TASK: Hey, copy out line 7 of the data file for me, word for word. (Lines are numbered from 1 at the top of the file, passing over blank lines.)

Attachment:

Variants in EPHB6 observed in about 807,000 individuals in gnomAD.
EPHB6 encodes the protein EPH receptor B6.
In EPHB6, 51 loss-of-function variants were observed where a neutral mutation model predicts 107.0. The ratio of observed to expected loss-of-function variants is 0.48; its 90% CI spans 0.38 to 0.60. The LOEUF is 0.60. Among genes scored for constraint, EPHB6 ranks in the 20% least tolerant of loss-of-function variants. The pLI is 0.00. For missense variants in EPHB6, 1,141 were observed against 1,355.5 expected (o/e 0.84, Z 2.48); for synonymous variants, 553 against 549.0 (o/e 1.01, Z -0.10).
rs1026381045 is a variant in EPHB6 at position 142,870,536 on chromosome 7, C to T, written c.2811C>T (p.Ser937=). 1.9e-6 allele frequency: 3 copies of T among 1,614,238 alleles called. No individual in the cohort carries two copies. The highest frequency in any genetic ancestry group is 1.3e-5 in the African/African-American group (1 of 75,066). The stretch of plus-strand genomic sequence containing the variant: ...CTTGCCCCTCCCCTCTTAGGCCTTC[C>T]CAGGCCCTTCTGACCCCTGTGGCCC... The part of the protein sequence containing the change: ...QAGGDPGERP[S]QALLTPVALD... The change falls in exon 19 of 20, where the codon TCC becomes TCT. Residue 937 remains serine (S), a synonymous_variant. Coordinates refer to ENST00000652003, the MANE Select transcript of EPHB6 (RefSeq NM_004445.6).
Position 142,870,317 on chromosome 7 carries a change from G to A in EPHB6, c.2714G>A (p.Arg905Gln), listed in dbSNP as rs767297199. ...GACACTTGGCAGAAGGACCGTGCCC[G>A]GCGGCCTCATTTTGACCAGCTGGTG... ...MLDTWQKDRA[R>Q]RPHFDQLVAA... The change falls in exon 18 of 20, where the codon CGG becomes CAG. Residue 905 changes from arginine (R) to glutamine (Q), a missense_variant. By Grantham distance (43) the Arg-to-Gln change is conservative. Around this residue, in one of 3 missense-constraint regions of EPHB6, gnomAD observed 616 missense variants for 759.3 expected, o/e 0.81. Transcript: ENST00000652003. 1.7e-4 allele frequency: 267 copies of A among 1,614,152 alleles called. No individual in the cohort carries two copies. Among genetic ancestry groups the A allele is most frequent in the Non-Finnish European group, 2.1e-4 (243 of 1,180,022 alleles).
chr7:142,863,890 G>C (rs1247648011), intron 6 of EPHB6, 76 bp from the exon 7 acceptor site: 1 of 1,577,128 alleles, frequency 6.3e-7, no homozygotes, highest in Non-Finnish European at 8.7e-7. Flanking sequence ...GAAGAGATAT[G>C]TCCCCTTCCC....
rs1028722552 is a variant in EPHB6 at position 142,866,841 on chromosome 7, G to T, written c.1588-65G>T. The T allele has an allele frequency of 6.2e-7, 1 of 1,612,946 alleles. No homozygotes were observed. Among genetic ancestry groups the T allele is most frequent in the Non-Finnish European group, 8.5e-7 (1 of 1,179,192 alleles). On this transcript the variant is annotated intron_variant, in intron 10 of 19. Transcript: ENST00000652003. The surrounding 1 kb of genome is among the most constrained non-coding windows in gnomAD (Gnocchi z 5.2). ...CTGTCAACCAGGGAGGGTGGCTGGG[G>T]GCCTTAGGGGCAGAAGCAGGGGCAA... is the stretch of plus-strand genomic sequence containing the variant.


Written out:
rs1028722552 is a variant in EPHB6 at position 142,866,841 on chromosome 7, G to T, written c.1588-65G>T. The T allele has an allele frequency of 6.2e-7, 1 of 1,612,946 alleles. No homozygotes were observed. Among genetic ancestry groups the T allele is most frequent in the Non-Finnish European group, 8.5e-7 (1 of 1,179,192 alleles). On this transcript the variant is annotated intron_variant, in intron 10 of 19. Transcript: ENST00000652003. The surrounding 1 kb of genome is among the most constrained non-coding windows in gnomAD (Gnocchi z 5.2). ...CTGTCAACCAGGGAGGGTGGCTGGG[G>T]GCCTTAGGGGCAGAAGCAGGGGCAA... is the stretch of plus-strand genomic sequence containing the variant.